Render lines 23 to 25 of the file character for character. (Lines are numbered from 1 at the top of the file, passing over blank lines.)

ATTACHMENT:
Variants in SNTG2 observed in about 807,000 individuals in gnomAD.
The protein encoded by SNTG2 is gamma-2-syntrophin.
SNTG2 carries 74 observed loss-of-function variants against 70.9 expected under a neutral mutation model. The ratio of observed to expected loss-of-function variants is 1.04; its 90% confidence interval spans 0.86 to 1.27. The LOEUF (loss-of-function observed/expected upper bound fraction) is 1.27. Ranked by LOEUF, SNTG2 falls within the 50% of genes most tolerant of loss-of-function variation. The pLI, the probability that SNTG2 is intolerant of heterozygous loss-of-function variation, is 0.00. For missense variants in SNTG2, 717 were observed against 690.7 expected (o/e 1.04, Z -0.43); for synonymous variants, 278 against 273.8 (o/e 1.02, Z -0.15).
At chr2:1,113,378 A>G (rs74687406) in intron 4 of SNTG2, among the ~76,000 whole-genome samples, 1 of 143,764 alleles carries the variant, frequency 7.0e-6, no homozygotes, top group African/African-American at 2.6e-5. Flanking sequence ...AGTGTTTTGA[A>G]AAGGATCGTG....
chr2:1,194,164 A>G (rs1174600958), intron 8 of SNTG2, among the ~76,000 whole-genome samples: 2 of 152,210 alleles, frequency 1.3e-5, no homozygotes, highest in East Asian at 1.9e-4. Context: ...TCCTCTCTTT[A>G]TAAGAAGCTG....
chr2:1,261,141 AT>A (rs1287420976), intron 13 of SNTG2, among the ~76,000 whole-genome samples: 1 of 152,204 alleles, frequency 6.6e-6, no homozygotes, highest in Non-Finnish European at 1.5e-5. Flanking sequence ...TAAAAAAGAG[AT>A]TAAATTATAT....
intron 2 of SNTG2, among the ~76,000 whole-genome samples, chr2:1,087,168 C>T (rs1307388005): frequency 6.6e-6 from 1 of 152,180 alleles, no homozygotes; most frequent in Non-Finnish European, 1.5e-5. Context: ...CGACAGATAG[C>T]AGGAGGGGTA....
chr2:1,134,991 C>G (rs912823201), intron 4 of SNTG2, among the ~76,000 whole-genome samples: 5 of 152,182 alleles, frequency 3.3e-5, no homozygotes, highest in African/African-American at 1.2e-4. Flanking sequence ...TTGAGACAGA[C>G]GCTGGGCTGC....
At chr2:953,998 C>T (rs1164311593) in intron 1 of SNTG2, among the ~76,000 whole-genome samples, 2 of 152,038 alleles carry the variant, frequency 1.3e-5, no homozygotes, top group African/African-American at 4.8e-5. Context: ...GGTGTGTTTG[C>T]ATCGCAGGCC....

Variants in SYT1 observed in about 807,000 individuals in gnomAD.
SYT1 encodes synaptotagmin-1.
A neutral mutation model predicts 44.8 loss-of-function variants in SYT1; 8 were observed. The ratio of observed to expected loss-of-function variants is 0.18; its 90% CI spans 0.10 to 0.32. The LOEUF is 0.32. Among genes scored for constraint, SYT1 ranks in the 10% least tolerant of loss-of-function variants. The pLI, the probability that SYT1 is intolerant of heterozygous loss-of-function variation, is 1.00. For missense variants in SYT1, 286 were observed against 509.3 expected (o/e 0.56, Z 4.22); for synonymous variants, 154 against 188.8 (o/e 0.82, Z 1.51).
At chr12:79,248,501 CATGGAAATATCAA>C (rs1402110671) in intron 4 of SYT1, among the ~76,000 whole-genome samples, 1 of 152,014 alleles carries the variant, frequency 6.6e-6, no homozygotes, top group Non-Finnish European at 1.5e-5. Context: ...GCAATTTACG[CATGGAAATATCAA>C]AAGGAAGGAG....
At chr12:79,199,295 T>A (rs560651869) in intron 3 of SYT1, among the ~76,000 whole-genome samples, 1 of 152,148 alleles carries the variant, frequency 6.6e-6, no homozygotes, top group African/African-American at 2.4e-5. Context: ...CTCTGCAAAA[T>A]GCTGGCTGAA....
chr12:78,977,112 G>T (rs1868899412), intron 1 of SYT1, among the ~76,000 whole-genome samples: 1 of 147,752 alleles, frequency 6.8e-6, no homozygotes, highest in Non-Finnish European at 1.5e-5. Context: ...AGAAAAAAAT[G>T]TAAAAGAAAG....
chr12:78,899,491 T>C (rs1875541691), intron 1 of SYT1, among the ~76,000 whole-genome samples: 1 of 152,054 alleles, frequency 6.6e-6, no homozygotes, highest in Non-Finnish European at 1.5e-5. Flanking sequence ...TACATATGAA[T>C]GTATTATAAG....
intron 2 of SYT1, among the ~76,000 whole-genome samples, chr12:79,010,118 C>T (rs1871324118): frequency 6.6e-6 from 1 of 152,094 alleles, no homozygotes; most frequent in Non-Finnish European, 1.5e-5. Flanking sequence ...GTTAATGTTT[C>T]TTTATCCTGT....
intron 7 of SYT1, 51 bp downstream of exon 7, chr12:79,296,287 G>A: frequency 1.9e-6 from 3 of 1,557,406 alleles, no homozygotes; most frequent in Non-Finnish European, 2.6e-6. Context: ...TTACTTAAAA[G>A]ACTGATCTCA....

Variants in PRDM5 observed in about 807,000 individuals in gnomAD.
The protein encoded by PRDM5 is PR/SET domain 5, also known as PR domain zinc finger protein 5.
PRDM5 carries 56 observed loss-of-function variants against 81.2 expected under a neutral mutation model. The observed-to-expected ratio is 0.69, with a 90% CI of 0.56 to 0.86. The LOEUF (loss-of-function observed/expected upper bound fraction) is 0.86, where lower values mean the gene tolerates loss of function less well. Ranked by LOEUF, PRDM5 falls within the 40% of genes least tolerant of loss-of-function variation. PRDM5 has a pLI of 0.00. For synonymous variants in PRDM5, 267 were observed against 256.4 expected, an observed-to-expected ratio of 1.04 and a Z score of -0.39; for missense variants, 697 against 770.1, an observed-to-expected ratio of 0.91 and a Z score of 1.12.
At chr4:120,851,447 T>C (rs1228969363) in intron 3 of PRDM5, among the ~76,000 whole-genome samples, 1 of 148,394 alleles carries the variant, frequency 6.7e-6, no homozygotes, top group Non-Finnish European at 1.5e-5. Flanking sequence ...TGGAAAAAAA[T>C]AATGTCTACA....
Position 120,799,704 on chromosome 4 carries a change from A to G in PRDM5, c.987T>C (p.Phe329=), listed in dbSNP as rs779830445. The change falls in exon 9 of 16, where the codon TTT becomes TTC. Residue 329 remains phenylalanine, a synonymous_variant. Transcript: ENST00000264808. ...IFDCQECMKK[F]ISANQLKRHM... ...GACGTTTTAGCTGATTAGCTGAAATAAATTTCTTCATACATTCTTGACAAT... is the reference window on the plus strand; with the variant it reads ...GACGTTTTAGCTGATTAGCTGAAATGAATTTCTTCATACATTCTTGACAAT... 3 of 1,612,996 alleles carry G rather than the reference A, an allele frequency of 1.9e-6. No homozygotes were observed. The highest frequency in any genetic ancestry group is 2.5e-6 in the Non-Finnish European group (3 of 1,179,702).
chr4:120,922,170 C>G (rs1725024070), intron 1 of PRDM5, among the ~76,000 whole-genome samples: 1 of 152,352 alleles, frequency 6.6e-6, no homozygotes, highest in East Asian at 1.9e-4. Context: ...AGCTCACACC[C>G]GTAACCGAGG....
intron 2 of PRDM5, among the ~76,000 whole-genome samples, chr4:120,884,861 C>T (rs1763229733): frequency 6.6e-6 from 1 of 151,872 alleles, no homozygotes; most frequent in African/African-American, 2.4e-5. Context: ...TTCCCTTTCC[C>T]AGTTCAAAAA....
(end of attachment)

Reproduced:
Position 120,799,704 on chromosome 4 carries a change from A to G in PRDM5, c.987T>C (p.Phe329=), listed in dbSNP as rs779830445. The change falls in exon 9 of 16, where the codon TTT becomes TTC. Residue 329 remains phenylalanine, a synonymous_variant. Transcript: ENST00000264808. ...IFDCQECMKK[F]ISANQLKRHM... ...GACGTTTTAGCTGATTAGCTGAAATAAATTTCTTCATACATTCTTGACAAT... is the reference window on the plus strand; with the variant it reads ...GACGTTTTAGCTGATTAGCTGAAATGAATTTCTTCATACATTCTTGACAAT... 3 of 1,612,996 alleles carry G rather than the reference A, an allele frequency of 1.9e-6. No homozygotes were observed. The highest frequency in any genetic ancestry group is 2.5e-6 in the Non-Finnish European group (3 of 1,179,702).
chr4:120,922,170 C>G (rs1725024070), intron 1 of PRDM5, among the ~76,000 whole-genome samples: 1 of 152,352 alleles, frequency 6.6e-6, no homozygotes, highest in East Asian at 1.9e-4. Context: ...AGCTCACACC[C>G]GTAACCGAGG....
intron 2 of PRDM5, among the ~76,000 whole-genome samples, chr4:120,884,861 C>T (rs1763229733): frequency 6.6e-6 from 1 of 151,872 alleles, no homozygotes; most frequent in African/African-American, 2.4e-5. Context: ...TTCCCTTTCC[C>T]AGTTCAAAAA....